He needs a GOOD quality hollistic premium kibble such as Innova Puppy (which is the best food there is, all human grade meets that pass the USDA inspection) Karma Oragnics, Eagle Pack, Solid Gold, etc. These brands are EXPENSIVE but you will save money on it later on vet bills and you feed less becasue they have no fillers. Innova is what i feed and its 20$/6.6 lbs or 48$/16 lbs (in ottawa)

      If you can't afford those prices then i suggest a brand like Wellness or Costco's Kirkland dog food. Those are cheaper but still pretty good.

      AVOID foods like IAMS, Eukanuba, pedigree, purina. They might be famous but are HORRIBLE for your dog.

      Drink: just give her plenty of water.

      Other Supplies: a crate with a divider, crate set, playpen, nylabone, kongs, other chew toys, some stuffed toys, food/water dish, collar, leash, harness, training books, puppy classes

      good luck :)

  45. QUESTION:
    Do puppy vaccines drain pups energy?
    My 11 week old Boston Terrier went in for his 2nd round of shots today. Once we got home he played a bit then went straight to sleep. It's been about 6 hours now since the shots and he is completely drained of energy. He doesn't even want to leave his crate or play at all. Could it be the shots that he had that is making him so tired?

    • ANSWER:
      Some dogs will run a mild fever (102° – 104° F) and be slightly lethargic and not eat well for 36-48 hours after receiving vaccines. This is a normal response of the immune system to the vaccine and should not require treatment.
      Call the Veterinarian if your dog:
      Runs a fever for more than 48 hours or has a temperature of over 104°F.
      Seems severely lethargic.
      Refuses to eat or drink for more than 24 hours.
      Develops a lump that does not go away after 4-8 weeks, continues to increase in size or bothers your pet.
      Vomits repeatedly.
      or If you are concerned for any reason after your pet has received vaccinations.
      In rare cases a pet may have an allergic reaction to a vaccine. These usually happen within the first few hours after the vaccine is given but may occur up to 72 hours after the injection. Allergic reactions usually require treatment. Call the Veterinarian or seek after hours care at an emergency clinic if you notice any of the following:
      Dfficulty breathing
      hives ( red welts most visible on the stomach)
      swelling, especially of the eyes, lips or muzzle
      profuse vomiting or diarrhea
      excessive scratching, (may even draw blood) especially around the neck.
      extreme lethargy, inability to waken

  46. QUESTION:
    I am afraid I might not ever meet anyone and have kids. I'm 38 and divorced :-( Am I too old now?
    I was married 14 years, but we never had kids because he was already tied down with responsibility of his family. I have been dating this guy now, but it has been a waste of time. He is moving on after next month. He doesn't want to get married or have kids with me (never married and no kids) so I am giving him the boot.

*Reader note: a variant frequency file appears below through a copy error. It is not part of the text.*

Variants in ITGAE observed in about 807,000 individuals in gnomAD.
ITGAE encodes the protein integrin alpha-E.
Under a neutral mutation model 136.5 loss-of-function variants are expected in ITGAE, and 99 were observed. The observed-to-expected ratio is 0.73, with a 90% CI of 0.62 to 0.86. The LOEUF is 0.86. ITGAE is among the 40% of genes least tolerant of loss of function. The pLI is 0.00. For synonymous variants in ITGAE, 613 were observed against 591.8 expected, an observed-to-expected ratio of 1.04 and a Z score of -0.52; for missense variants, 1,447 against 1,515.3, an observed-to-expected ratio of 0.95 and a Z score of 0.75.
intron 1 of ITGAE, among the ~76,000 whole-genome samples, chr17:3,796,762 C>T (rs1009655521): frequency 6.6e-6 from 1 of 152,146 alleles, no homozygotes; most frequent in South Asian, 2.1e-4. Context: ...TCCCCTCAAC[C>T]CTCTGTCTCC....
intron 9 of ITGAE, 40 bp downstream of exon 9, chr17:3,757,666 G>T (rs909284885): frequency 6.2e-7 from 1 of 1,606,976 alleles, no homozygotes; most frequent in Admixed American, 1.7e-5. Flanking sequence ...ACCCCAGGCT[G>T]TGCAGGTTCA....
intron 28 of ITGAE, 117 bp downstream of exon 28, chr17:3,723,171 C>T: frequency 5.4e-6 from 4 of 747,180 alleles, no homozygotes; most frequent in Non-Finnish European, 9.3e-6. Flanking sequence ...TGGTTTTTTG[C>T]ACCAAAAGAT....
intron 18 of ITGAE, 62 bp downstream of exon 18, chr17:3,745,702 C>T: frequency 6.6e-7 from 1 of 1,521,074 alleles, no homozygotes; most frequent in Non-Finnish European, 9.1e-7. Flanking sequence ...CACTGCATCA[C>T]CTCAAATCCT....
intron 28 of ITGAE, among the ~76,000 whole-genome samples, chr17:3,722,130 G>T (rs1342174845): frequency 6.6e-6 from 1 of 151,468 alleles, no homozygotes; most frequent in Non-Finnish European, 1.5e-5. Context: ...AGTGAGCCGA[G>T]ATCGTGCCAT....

I know most men my age have children. :-( I am just afraid I will never find Mr. Right and possibly have kids. If I do, I will be in my 40's. Is that too old?

    • ANSWER:
      Around age 40 the risk of birth defects for women having their first child, jumps significantly (the risk is lower for a woman that age who has already had a child)...so, you'd need to talk to your doctor and decide if the risk is something you are okay with (and if it would be fair to the child you might bring into the world)...

      ...also consider, at age 40 if you had a child, you'd be 58 when they became a legal adult...are you prepared to spend all your 40s and most of your 50s raising a kid (or kids)??? I'm 48 and I can't imagine having to deal with a grade school aged kid at this time in my life...my dogs make me crazy enough and I can crate them when they need a 'time out'...

  47. QUESTION:
    My dog is limping what should I do?
    I own a blue heeler aka Australian cattle dog and I noticed last night she is limping. There is no visible injury anywhere to get right front leg and she is showing no signs of pain..?

    • ANSWER:
      No sign of pain? If she's limping, that's a SIGN OF PAIN. You don't necessarily need to rush off to the vet, but you do need to confine her, crate rest is possible, take her outside to do her biz on a lead, no running or jumping for say 48 hours and if there's no sign of improvement, take her to a vet. Obviously if she deteriorates, you'll need to see the vet sooner rather than later.

  48. QUESTION:
    what it's the proper size of a wire crate for a male akita?
    Hi, I am going to have a male akita puppy for Xmas. I want to know what wire crate size suit him the best (full grown).

    • ANSWER:
      I would go with a 48 inch long folding crate. I use the Midwest double door crates for my large breed dogs (they are available at Petsmart). They are nice because the 2 doors allow you to put in right next to a wall, and they fold when not in use. Also, the Midwest brand come with a divider panel to go in the crate, making it smaller, and easier to potty train with. Good Luck!


48 dog crate

Dog Pen